Rituals as Varied as Our Lives, by Rabbi Deborah Glanzberg-Krainin, Ph.D.

You’ve shared a multitude of ideas that can help us celebrate joys, heal sorrows and wash away difficulties.

For weeks, Rabbi Roni Handler and I have been reading rituals shared by members of the growing Ritualwell community. Your ideas vary as much as the lives we all live. Many of you described the joy you take in traditional aspects of Shabbat—especially candle lighting, Kiddush, and the pleasures of a leisurely meal with family and friends. Frequently, ritual was rooted deep in family rhythms, like the person who wrote:

“When I am home with my family, our father always makes waffles on Sunday morning. Even though all the children are grown up, we gather around, tell stories, and let our father stuff us with a wonderful breakfast. It's a ritual I'll be passing on, now that I have my own waffle iron— the same GE model from the ’60s, no less!”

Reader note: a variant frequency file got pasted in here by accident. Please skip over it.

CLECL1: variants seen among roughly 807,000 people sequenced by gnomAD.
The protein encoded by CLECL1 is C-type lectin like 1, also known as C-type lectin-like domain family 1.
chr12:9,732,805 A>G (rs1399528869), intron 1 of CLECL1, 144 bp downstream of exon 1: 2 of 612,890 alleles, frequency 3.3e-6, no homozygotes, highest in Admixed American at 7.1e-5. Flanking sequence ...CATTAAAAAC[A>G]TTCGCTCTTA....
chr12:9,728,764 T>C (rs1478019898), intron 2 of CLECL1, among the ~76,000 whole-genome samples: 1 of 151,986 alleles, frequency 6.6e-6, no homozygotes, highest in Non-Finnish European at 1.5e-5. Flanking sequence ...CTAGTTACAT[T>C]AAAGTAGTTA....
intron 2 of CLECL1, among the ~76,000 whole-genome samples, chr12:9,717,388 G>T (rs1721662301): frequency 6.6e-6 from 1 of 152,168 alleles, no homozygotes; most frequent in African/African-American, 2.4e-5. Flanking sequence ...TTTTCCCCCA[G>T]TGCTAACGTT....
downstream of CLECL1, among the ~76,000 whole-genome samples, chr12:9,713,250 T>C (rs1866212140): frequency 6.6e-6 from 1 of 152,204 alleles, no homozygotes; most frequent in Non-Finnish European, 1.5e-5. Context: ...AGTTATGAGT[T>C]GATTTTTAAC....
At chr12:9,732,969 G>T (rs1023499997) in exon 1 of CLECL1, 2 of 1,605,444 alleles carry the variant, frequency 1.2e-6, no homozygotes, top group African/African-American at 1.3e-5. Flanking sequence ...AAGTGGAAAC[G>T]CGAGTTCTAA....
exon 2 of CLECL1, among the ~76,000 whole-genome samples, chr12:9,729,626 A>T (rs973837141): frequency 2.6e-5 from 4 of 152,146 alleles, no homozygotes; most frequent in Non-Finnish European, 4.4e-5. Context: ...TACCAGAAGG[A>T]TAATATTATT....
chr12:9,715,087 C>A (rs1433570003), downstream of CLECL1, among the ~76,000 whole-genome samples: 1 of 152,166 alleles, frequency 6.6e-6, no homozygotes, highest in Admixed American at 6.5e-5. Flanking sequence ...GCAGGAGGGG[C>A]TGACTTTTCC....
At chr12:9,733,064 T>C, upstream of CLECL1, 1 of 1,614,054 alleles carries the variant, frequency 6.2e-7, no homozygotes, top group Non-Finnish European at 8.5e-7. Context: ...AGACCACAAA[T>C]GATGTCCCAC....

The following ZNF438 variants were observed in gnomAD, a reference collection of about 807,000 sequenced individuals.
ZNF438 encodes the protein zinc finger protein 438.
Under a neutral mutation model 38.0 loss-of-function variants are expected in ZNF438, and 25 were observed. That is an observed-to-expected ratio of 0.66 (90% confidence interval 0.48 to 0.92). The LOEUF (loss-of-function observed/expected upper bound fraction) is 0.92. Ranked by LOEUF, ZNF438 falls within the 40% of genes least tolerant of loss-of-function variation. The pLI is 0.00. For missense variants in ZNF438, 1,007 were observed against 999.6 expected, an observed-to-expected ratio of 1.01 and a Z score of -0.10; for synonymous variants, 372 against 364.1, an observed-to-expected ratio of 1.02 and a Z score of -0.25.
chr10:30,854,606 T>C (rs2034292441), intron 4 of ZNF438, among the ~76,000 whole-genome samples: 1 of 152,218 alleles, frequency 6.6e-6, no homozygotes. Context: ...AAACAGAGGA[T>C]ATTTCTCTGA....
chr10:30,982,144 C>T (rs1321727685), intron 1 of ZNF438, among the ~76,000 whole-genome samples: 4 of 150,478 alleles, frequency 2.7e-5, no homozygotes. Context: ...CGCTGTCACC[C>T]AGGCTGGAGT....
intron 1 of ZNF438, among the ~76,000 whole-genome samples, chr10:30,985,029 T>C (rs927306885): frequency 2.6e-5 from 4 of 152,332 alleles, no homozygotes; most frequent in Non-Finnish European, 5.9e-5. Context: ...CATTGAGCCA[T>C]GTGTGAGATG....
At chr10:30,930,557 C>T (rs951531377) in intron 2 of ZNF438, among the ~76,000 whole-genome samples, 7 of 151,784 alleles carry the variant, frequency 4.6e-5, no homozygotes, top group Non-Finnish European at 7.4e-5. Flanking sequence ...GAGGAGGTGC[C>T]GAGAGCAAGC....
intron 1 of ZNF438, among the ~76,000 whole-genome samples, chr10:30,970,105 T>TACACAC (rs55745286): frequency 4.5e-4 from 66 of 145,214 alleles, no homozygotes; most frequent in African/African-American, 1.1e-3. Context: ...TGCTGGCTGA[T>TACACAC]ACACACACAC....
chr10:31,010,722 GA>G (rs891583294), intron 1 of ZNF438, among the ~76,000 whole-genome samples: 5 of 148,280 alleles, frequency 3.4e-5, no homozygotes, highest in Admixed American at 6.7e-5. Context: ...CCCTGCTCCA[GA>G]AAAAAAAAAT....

Others sent us intensely introspective rituals, many inspired by nature, such as this one:

Between Rosh Hashanah and Yom Kippur, I usually will take time to go the Gulf of Mexico and sit and watch the waves. As I watch, I think of everything I have done and what I plan to change in the future and wash away any negativity that was from the previous year.

In addition to cleansing and healing, gratitude was a common theme. We share this feeling, and offer our thanks to you for participating in the Ritualwell community.